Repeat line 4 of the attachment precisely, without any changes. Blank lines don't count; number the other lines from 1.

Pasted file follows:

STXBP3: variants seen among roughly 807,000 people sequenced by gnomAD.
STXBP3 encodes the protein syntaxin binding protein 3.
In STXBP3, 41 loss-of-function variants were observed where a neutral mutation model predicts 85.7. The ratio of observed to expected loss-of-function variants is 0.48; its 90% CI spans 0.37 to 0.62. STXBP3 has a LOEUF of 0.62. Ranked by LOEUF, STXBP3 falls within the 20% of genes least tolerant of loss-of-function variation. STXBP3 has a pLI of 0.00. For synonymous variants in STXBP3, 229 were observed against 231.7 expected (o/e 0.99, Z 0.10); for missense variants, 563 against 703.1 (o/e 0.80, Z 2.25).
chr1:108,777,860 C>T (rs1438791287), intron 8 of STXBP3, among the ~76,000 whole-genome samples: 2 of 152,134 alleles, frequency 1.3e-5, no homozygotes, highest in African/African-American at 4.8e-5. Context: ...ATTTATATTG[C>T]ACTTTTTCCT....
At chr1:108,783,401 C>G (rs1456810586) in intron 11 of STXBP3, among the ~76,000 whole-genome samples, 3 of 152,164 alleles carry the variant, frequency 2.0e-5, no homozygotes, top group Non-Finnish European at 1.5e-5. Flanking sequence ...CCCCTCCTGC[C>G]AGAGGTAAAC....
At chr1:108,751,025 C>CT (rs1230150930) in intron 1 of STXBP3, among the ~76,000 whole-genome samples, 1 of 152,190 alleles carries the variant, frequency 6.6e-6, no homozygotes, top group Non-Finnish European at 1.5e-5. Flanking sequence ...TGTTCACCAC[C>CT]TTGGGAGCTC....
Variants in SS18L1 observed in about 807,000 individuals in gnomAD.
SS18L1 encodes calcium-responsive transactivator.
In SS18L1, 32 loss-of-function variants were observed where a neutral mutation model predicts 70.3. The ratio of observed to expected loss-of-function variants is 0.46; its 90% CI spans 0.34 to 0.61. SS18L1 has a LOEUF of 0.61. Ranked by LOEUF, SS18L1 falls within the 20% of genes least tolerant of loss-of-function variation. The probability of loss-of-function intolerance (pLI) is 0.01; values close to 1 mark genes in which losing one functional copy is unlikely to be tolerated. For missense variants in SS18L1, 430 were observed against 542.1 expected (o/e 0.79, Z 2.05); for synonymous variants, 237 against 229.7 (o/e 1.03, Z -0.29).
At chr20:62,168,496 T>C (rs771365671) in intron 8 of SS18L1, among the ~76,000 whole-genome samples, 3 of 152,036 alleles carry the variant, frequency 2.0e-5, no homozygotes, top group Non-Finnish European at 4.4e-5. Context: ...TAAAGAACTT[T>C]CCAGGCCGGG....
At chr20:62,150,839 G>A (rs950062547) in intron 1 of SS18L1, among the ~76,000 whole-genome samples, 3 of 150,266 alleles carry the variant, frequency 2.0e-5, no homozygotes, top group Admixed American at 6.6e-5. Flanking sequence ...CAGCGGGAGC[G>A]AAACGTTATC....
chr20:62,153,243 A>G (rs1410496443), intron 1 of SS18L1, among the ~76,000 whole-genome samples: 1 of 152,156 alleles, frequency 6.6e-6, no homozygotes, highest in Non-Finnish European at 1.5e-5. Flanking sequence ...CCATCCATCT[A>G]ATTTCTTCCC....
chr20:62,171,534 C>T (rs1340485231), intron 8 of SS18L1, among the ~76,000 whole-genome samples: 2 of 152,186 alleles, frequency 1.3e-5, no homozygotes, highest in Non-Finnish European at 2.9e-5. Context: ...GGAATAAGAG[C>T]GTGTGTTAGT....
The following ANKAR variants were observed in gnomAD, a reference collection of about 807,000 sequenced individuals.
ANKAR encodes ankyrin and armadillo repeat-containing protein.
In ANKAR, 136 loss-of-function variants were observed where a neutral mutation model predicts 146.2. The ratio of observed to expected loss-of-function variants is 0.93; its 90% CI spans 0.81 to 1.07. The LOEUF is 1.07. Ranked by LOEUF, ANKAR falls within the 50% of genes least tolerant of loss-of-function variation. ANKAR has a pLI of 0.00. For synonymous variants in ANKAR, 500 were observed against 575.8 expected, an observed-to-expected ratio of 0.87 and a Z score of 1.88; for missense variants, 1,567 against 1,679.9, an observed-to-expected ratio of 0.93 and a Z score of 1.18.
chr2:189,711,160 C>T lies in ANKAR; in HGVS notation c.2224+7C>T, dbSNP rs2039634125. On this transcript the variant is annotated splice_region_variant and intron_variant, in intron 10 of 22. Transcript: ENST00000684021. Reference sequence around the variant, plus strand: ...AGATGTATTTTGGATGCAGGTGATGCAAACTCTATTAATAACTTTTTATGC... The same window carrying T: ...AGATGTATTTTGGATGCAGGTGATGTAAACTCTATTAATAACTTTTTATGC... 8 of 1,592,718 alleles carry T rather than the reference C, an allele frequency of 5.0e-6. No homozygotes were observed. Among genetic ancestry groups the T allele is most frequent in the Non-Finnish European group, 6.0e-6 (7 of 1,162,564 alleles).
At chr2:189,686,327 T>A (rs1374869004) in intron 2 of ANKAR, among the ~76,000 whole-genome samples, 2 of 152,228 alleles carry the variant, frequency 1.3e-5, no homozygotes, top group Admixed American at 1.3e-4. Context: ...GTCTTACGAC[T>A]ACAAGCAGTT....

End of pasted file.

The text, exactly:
chr1:108,777,860 C>T (rs1438791287), intron 8 of STXBP3, among the ~76,000 whole-genome samples: 2 of 152,134 alleles, frequency 1.3e-5, no homozygotes, highest in African/African-American at 4.8e-5. Context: ...ATTTATATTG[C>T]ACTTTTTCCT....